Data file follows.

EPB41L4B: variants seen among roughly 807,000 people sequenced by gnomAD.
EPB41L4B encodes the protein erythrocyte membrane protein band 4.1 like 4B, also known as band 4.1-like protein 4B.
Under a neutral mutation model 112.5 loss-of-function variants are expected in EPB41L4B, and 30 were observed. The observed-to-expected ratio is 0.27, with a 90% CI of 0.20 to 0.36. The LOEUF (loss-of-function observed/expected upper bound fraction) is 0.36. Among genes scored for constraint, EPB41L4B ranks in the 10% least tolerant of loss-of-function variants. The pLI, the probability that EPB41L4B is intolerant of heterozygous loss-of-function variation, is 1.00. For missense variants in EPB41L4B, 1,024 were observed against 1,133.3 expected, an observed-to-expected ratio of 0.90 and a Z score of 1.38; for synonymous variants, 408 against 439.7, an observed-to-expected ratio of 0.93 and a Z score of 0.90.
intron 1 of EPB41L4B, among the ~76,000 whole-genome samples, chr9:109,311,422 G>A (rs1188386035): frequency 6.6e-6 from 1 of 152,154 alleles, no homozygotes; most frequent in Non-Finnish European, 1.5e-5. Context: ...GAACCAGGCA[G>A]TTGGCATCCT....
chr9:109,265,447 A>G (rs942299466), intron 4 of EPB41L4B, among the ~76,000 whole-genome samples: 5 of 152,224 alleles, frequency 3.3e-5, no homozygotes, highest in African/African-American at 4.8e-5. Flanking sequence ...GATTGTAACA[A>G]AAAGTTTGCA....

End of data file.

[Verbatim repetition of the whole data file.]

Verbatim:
EPB41L4B: variants seen among roughly 807,000 people sequenced by gnomAD.
EPB41L4B encodes the protein erythrocyte membrane protein band 4.1 like 4B, also known as band 4.1-like protein 4B.
Under a neutral mutation model 112.5 loss-of-function variants are expected in EPB41L4B, and 30 were observed. The observed-to-expected ratio is 0.27, with a 90% CI of 0.20 to 0.36. The LOEUF (loss-of-function observed/expected upper bound fraction) is 0.36. Among genes scored for constraint, EPB41L4B ranks in the 10% least tolerant of loss-of-function variants. The pLI, the probability that EPB41L4B is intolerant of heterozygous loss-of-function variation, is 1.00. For missense variants in EPB41L4B, 1,024 were observed against 1,133.3 expected, an observed-to-expected ratio of 0.90 and a Z score of 1.38; for synonymous variants, 408 against 439.7, an observed-to-expected ratio of 0.93 and a Z score of 0.90.
intron 1 of EPB41L4B, among the ~76,000 whole-genome samples, chr9:109,311,422 G>A (rs1188386035): frequency 6.6e-6 from 1 of 152,154 alleles, no homozygotes; most frequent in Non-Finnish European, 1.5e-5. Context: ...GAACCAGGCA[G>A]TTGGCATCCT....
chr9:109,265,447 A>G (rs942299466), intron 4 of EPB41L4B, among the ~76,000 whole-genome samples: 5 of 152,224 alleles, frequency 3.3e-5, no homozygotes, highest in African/African-American at 4.8e-5. Flanking sequence ...GATTGTAACA[A>G]AAAGTTTGCA....